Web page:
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Exploring the scientific foundations of life through interdisciplinary approaches to address society’s problems.

Nucleation landscape of biomolecular condensates
Sep. 10, 2021 10:00 - 11:00








Shunsuke Shimobayashi


Department of Chemical and Biological Engineering, Princeton University


[Non-BDR members: Registration is closed]

This seminar is a part of the IPB seminar series.

Forming at the right place and time is important for all structures within living cells. This includes condensates such as the nucleolus and stress granules, which form via liquid-liquid phase separation (LLPS) of biomolecules, particularly proteins enriched in intrinsically-disordered regions (IDRs). In non-living systems, the initial stages of nucleated phase separation arise when thermal fluctuations overcome an energy barrier due to surface tension. This phenomenon can be modeled by classical nucleation theory (CNT), which describes how the rate of droplet nucleation depends on the degree of supersaturation, while the location at which droplets appear is controlled by interfacial heterogeneities. In living cells, however, it is unknown whether this framework applies, due to the multicomponent and highly complex nature of the intracellular environment, including the presence of diverse IDRs, whose specificity of biomolecular interactions is unclear. Here we show that despite this complexity, nucleation within living cells occurs through a physical process not unlike that within inanimate materials, but where the efficacy of nucleation sites can be tuned by their biomolecular features. By quantitatively characterizing the nucleation kinetics of endogenous and biomimetic condensates within living cells, we found that key features of condensate nucleation can be quantitatively understood through a CNT-like theoretical framework. Nucleation rates can be significantly enhanced by compatible biomolecular (IDR) seeds, while the kinetics of cellular processes can impact condensate nucleation rates and location specificity. This quantitative framework sheds light on the intracellular nucleation landscape, and paves the way for engineering synthetic condensates precisely positioned in space and time.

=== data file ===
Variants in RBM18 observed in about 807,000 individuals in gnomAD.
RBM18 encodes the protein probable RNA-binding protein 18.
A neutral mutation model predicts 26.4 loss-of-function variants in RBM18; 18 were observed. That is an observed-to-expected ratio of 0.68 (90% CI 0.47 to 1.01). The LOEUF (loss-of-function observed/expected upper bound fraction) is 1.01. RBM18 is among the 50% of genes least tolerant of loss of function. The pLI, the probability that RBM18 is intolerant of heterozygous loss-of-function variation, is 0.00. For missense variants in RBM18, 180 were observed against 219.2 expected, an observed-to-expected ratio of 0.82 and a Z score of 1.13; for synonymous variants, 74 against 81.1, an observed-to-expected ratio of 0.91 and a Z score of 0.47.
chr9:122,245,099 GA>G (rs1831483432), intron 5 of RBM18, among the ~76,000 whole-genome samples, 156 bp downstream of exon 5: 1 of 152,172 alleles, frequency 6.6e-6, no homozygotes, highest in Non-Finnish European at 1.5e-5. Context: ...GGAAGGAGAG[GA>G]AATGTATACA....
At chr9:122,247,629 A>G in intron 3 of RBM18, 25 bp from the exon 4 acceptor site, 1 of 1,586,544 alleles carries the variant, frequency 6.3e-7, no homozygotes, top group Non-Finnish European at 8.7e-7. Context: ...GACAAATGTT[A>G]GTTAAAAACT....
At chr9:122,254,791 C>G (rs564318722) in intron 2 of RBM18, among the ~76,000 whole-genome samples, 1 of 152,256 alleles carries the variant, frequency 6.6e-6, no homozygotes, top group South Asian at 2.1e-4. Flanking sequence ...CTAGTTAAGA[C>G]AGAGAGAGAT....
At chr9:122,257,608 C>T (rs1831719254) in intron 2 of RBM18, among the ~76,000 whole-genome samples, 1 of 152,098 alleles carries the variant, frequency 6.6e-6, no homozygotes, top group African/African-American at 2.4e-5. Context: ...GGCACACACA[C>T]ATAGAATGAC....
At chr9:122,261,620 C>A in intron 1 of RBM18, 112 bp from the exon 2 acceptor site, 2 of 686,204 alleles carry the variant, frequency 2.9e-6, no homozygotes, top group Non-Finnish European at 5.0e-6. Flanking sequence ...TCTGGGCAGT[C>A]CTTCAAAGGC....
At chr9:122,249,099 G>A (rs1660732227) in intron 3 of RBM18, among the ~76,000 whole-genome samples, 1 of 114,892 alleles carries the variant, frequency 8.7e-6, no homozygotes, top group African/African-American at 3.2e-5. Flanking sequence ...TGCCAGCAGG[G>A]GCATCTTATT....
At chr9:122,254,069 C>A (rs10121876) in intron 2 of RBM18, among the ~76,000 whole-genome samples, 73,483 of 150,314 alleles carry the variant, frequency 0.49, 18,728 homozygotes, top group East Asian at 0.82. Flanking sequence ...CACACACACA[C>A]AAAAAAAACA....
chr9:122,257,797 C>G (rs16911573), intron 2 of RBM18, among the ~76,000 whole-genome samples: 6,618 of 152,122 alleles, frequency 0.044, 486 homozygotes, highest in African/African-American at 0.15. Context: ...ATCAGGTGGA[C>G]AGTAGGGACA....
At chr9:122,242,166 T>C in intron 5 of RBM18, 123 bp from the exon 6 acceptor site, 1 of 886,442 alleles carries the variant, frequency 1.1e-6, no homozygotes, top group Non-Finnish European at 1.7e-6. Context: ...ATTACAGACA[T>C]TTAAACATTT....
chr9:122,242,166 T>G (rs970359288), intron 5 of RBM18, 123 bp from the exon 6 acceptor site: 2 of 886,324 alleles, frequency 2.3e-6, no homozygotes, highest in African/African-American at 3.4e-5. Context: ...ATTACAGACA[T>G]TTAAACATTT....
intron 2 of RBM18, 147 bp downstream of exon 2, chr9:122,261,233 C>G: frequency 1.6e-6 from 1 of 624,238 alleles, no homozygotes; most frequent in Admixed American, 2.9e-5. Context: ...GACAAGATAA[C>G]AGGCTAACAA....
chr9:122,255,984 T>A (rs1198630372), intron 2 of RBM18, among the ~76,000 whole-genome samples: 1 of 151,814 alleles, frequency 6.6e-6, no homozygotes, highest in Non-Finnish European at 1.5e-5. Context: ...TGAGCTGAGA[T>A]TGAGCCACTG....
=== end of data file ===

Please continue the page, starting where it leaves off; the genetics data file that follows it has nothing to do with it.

Kyogo Kawaguchi